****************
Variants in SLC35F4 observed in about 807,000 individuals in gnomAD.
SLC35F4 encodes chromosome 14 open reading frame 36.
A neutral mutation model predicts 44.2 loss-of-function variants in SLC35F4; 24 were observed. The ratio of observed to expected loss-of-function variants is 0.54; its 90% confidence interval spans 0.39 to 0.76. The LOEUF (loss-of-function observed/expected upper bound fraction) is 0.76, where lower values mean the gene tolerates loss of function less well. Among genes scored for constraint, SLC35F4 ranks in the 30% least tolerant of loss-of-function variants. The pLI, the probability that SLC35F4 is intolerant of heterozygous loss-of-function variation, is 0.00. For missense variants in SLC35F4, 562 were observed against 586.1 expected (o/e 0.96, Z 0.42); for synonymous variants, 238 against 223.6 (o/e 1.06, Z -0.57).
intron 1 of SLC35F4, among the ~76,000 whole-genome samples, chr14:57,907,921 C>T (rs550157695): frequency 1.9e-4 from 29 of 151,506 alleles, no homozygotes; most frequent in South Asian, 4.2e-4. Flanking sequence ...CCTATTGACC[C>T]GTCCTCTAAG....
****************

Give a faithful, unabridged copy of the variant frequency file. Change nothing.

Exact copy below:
Variants in SLC35F4 observed in about 807,000 individuals in gnomAD.
SLC35F4 encodes chromosome 14 open reading frame 36.
A neutral mutation model predicts 44.2 loss-of-function variants in SLC35F4; 24 were observed. The ratio of observed to expected loss-of-function variants is 0.54; its 90% confidence interval spans 0.39 to 0.76. The LOEUF (loss-of-function observed/expected upper bound fraction) is 0.76, where lower values mean the gene tolerates loss of function less well. Among genes scored for constraint, SLC35F4 ranks in the 30% least tolerant of loss-of-function variants. The pLI, the probability that SLC35F4 is intolerant of heterozygous loss-of-function variation, is 0.00. For missense variants in SLC35F4, 562 were observed against 586.1 expected (o/e 0.96, Z 0.42); for synonymous variants, 238 against 223.6 (o/e 1.06, Z -0.57).
intron 1 of SLC35F4, among the ~76,000 whole-genome samples, chr14:57,907,921 C>T (rs550157695): frequency 1.9e-4 from 29 of 151,506 alleles, no homozygotes; most frequent in South Asian, 4.2e-4. Flanking sequence ...CCTATTGACC[C>T]GTCCTCTAAG....